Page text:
Harassment often keeps women out of that public sphere, or drives them away. The Ada Initiative is working with a large number of tech conferences and other events to take a definite stand against harassment. But we also work to strengthen women’s participation in other ways. Here are some of the other things The Ada Initiave does:

Created AdaCamp conference: Held two AdaCamps, a wildly popular unconference for women and advocates of women in open tech/culture.
Made conferences safer for women: Wrote and encouraged adoption of policies preventing harassment of women, now in use by hundreds of conferences and organizations in open tech/culture as well as science fiction conventions, fan conventions, computer game conferences, and skeptic/atheist conferences.
Reached thousands of people through speaking: Spoke about increasing diversity and welcoming women at several conferences, including co-founder Mary Gardiner’s keynote at Wikimania 2012. We also helped many of our advisors and supporters develop keynote speeches on diversity, including Sumana Harihareswara’s OSBridge 2012 keynote, Sarah Stierch’s Wikimedia Academy 2012 keynote, Alex “Skud” Bayley’s GUADEC 2012 keynote, and Michael Schwern’s YAPC 2012 keynote.
Created a non-profit charity: Created a charitable non-profit organization from scratch, including acquiring tax-exempt status in the United States, a non-trivial task.
Advised organizations on supporting women: Provided free consulting to several organizations on high-profile incidents of sexism, improving recruitment and retention of women in open tech/culture jobs, and creating a friendlier environment for women.
Taught hands-on workshops: Wrote and taught four free workshops teaching practical skills to men wanting to help women and trans people in open/tech culture.
Conducted surveys and research: We ran several surveys, including a survey of over 2800 people about attitudes towards women in open tech/culture.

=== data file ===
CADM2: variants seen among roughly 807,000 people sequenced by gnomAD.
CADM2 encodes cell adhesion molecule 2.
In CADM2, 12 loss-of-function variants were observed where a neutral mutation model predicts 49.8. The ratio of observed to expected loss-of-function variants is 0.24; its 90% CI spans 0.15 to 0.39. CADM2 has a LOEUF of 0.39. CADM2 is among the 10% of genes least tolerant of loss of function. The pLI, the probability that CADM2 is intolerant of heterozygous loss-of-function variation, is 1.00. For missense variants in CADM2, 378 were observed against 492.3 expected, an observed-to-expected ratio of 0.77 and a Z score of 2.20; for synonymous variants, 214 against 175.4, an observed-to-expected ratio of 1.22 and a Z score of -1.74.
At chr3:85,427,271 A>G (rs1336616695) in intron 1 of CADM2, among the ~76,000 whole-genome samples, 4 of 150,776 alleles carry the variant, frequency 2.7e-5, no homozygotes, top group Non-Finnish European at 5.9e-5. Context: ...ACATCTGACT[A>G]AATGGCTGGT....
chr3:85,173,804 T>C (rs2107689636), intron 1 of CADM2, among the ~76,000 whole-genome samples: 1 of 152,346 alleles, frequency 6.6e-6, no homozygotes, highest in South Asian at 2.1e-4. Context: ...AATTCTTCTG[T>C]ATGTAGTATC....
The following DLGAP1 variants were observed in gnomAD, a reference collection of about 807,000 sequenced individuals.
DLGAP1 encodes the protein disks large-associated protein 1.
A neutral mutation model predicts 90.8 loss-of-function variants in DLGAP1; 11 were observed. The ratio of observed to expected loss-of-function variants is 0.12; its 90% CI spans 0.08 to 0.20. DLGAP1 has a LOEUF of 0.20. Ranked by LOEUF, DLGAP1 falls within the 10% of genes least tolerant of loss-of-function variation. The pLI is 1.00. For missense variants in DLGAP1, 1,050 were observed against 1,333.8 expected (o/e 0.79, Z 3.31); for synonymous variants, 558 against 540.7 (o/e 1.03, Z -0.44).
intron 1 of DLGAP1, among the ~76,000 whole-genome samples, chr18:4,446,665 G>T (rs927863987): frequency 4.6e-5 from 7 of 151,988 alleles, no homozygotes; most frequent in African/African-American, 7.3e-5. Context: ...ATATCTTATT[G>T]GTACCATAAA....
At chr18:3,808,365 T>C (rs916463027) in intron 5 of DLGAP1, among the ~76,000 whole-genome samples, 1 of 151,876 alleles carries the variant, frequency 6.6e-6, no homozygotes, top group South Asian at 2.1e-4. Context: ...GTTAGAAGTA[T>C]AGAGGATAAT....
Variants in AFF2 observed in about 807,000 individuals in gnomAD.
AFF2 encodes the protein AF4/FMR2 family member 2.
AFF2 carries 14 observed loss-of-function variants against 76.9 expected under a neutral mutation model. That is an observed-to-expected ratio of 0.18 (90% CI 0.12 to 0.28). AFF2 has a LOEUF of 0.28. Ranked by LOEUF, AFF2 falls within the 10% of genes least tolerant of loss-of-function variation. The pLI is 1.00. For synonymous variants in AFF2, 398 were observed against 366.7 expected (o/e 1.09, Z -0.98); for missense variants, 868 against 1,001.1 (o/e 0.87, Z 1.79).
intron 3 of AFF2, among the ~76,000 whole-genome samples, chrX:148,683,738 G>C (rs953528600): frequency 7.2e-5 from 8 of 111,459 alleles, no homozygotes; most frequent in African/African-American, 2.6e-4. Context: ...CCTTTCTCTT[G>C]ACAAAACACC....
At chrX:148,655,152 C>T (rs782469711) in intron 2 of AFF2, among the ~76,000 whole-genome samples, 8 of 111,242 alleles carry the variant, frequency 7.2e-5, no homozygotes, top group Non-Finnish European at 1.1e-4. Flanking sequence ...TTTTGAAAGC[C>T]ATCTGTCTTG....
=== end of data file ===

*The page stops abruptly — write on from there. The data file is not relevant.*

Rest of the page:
Future work by The Ada Initiative will include more workshops for women, on contributing to open source projects, on fighting imposter syndrome, and on designing and running good gender diversity programs, as well as their usual work with conferences.

Here’s another thing I absolutely LOVE about The Ada Initiative. It’s about adult women in this field. I love that it’s not dismissing those of us who are already here, who are already participating. Support us who are going to conferences and speaking at events, submitting patches and writing the code! Helping us, helping us not burn out or quit in disgust because the bad things never change. Rather than writing off the women already HERE, and trying to recruit a new crop of fresh faced teenagers and recent graduates, The Ada Initiative is fighting to patch the “leaky pipeline”‘s leaks.

Women’s work fighting sexism is important. It’s especially important when it’s about supporting other women, pulling together for constructive action. I’m a supporting donor to The Ada Initiative because I want Val and Mary to get paid for doing that work, because they’re GREAT at it.

Feminism and tech/Internet activism are a big part of my life. I’ve been part of LinuxChix, Systers, DevChix, phpWomen, Drupalchix, and am peripherally involved in so many other efforts by women in specific F/LOSS communities to organize and support each other. They’re all doing great work in many dimensions. Of course, I work at BlogHer, which supports women’s participation in public discourse in blogging and social media. And I’m proud to be part of Geek Feminism the blog and wiki, which has developed into a highly organized and effective group, doing consistent work. The Ada Initiative has ties to many of these communities, and intersects with them. As a feminist FOSS non profit it can give help coordinated across many projects and communities. We have the chance to make a lasting institution for our support.

Please join The Ada Initiative, and donate anything you can afford — but I’m hoping here that you all will join at the $15/month or $30/month level! This, along with my monthly donation to Noisebridge will be my main donation effort for 2012 and 2013. I hope you join me! (And the fabulous rockstars who are TAI’s Directors and Advisors!) Donate, and … I’ll see you at AdaCamp 2013!

adacamp_2012_melbourne

Anarchafeminist Hackerhive meetup

About 8 people came to our first Anarchafeminist Hackerhive meetup. We sat in the Noisebridge library, read a couple of things out loud, introduced ourselves, talked about ideas for action and activism, and ate tacos. And plums from someone’s tree. A couple of women walked by and we laughed at their doubletake at the sight of so many women sitting together and having fun at Noisebridge. They joined us!